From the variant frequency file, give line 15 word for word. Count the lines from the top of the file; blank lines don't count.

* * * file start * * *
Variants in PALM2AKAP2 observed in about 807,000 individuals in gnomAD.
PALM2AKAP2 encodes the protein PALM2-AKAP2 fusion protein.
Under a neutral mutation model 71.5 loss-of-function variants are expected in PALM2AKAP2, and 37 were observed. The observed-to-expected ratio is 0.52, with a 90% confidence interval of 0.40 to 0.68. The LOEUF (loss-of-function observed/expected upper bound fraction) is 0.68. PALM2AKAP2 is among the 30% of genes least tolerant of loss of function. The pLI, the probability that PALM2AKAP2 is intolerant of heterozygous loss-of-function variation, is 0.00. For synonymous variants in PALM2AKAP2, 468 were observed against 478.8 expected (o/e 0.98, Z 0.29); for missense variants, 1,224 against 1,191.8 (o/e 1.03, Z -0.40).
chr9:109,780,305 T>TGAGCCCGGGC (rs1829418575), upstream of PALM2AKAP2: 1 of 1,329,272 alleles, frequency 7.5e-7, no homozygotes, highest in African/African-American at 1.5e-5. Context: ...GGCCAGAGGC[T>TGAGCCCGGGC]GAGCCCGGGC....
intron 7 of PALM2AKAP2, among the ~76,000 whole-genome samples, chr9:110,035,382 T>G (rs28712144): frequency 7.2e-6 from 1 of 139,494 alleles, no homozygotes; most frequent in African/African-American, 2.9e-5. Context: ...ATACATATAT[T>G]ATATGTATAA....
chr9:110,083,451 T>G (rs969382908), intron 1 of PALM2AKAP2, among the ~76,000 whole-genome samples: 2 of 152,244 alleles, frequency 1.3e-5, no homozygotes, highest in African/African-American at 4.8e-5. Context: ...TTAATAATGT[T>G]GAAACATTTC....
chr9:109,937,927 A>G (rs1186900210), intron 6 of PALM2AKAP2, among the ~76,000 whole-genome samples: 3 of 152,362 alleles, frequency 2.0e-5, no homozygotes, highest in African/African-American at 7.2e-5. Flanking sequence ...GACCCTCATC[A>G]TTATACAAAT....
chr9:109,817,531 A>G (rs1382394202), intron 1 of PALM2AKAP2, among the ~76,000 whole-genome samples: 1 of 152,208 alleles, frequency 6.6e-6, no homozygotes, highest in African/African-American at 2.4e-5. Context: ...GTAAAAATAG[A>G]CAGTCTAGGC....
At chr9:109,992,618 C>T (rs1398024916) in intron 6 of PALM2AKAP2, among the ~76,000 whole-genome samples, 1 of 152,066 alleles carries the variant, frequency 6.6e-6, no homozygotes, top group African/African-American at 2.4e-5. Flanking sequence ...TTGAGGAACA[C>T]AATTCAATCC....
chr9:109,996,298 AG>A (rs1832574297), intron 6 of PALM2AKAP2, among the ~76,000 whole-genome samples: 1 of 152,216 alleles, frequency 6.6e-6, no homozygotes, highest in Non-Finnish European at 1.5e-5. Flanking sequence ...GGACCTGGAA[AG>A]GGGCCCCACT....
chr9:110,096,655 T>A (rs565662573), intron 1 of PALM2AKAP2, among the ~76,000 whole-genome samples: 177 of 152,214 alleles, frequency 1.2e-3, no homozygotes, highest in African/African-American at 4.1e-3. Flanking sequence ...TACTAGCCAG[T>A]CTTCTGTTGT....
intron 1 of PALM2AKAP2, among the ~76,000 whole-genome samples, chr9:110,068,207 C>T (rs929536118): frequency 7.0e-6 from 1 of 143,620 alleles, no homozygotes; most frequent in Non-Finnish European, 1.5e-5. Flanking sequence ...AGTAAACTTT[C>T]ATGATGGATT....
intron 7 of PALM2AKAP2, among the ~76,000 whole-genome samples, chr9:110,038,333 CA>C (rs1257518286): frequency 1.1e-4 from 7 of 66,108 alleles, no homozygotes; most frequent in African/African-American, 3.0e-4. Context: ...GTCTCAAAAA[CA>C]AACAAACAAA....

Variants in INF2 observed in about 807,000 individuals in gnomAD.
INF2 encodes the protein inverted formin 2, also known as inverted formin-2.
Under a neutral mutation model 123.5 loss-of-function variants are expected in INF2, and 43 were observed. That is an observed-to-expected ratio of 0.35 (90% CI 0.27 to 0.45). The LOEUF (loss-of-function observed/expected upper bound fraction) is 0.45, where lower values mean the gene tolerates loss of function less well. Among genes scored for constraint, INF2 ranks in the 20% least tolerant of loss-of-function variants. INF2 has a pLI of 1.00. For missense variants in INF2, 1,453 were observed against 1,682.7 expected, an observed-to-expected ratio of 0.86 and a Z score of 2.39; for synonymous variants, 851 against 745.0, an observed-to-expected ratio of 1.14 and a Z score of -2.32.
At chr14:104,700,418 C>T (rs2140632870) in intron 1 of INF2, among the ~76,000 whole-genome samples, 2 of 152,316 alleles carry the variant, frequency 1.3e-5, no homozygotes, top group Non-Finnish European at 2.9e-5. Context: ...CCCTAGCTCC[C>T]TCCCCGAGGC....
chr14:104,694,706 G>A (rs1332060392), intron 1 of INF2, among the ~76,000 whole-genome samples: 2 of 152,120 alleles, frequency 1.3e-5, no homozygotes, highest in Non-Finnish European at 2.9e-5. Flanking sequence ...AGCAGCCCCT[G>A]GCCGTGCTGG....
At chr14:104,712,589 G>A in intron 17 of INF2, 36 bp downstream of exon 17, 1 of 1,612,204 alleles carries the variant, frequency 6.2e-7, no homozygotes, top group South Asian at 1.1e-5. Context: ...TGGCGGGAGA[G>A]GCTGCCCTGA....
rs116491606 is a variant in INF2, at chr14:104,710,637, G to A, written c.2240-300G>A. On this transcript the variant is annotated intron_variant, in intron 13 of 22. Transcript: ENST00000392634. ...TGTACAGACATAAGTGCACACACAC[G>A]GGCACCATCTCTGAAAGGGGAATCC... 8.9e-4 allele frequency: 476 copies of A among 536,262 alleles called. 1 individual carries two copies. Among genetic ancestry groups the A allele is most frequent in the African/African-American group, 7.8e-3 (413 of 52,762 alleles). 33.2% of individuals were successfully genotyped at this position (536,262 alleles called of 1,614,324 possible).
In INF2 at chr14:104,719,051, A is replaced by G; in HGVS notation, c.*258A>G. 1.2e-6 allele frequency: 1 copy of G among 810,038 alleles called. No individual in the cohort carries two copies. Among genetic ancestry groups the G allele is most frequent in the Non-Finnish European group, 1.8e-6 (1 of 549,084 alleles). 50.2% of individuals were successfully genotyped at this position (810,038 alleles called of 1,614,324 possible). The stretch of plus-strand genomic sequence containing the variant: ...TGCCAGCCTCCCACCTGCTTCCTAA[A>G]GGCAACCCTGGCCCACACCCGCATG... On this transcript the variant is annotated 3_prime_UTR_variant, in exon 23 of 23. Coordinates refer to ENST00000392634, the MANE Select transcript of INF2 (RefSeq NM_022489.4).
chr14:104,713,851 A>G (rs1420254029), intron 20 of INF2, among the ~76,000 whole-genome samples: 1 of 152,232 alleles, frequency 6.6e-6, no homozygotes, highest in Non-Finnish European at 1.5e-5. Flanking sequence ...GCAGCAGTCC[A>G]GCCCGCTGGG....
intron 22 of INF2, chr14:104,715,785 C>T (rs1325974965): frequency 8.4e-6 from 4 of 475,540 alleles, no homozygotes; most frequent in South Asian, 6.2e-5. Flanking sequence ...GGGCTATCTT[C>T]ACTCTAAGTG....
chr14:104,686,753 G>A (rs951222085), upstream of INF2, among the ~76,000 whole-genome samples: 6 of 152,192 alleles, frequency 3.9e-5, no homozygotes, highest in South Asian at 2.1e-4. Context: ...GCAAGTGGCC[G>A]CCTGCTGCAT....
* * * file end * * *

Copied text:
INF2 encodes the protein inverted formin 2, also known as inverted formin-2.